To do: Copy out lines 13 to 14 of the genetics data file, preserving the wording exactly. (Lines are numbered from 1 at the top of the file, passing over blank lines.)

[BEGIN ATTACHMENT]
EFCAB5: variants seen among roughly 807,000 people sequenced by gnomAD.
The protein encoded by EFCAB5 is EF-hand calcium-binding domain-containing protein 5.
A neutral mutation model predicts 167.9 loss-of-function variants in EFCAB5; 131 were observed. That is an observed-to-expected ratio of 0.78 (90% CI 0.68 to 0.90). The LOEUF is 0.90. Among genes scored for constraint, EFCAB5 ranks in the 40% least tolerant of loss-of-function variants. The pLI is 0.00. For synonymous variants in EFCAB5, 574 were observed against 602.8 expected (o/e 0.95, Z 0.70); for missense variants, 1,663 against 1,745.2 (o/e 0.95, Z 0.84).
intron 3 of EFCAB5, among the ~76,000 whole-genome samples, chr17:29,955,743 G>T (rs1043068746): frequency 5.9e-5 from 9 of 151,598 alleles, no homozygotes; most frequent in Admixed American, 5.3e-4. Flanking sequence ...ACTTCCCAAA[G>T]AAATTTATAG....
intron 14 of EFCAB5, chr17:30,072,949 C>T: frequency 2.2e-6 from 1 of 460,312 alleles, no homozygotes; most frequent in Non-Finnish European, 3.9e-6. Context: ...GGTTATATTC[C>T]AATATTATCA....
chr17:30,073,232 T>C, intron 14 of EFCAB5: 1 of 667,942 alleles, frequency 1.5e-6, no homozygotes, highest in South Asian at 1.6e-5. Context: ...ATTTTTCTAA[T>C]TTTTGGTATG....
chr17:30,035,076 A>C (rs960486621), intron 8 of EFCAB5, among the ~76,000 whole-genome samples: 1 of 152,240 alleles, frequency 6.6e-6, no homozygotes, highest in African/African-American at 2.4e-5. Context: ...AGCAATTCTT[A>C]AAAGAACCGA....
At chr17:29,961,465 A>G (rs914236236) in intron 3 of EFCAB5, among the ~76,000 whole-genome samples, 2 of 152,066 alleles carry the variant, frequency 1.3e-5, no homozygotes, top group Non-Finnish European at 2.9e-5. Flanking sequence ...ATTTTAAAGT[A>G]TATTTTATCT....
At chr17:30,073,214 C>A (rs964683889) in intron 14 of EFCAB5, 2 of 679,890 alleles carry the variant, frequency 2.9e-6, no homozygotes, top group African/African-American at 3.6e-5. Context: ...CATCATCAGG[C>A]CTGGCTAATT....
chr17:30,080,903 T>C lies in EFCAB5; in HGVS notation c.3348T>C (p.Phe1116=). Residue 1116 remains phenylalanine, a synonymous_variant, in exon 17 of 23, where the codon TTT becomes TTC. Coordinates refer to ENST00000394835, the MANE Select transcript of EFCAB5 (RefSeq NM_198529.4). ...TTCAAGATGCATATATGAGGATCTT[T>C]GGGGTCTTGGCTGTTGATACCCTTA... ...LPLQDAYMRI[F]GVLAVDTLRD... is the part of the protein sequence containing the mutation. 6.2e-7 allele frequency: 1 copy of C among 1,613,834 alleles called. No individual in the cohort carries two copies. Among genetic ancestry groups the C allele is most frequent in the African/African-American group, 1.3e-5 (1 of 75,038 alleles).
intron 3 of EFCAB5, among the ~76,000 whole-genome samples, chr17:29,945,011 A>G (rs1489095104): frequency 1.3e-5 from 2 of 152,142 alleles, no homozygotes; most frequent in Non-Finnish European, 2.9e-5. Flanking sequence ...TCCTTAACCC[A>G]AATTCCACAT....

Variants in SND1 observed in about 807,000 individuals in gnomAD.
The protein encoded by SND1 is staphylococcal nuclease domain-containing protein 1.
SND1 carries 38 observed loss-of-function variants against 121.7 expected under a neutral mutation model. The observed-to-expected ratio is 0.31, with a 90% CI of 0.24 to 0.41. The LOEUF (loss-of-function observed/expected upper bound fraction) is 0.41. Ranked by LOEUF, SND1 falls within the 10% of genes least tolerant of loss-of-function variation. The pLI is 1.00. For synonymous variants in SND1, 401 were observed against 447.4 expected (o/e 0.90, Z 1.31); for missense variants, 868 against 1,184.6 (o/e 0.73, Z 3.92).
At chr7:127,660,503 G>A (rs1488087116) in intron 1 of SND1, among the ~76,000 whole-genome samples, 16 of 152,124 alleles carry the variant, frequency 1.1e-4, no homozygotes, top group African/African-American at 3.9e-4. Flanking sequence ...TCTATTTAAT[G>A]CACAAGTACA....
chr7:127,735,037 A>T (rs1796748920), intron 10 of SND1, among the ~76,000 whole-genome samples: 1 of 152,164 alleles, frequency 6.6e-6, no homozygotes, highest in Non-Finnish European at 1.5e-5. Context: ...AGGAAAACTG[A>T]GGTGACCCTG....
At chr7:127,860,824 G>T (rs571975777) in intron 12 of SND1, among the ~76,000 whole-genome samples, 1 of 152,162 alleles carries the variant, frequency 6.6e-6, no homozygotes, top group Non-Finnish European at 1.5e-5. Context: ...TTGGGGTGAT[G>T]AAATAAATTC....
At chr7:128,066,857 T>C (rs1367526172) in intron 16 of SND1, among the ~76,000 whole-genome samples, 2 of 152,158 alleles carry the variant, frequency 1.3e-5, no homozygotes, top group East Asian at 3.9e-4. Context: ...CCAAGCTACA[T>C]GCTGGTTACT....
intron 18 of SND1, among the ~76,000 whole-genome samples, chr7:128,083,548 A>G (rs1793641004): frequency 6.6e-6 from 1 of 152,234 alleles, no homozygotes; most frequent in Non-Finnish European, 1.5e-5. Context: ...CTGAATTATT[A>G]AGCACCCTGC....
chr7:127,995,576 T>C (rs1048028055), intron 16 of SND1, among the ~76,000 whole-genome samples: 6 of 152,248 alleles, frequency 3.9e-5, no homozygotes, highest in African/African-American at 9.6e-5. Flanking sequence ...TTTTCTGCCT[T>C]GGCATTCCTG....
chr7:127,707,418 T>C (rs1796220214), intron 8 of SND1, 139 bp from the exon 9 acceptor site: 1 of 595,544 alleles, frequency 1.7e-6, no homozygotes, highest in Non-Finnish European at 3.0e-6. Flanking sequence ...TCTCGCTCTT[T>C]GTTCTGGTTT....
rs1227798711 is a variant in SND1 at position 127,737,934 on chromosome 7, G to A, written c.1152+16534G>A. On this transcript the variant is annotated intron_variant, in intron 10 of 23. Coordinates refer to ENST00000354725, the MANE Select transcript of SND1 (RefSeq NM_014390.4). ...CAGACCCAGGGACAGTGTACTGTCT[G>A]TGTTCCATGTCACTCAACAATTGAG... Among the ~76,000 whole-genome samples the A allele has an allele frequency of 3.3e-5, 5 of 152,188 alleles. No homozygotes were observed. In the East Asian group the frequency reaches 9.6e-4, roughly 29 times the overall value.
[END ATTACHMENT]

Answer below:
The protein encoded by SND1 is staphylococcal nuclease domain-containing protein 1.
SND1 carries 38 observed loss-of-function variants against 121.7 expected under a neutral mutation model. The observed-to-expected ratio is 0.31, with a 90% CI of 0.24 to 0.41. The LOEUF (loss-of-function observed/expected upper bound fraction) is 0.41. Ranked by LOEUF, SND1 falls within the 10% of genes least tolerant of loss-of-function variation. The pLI is 1.00. For synonymous variants in SND1, 401 were observed against 447.4 expected (o/e 0.90, Z 1.31); for missense variants, 868 against 1,184.6 (o/e 0.73, Z 3.92).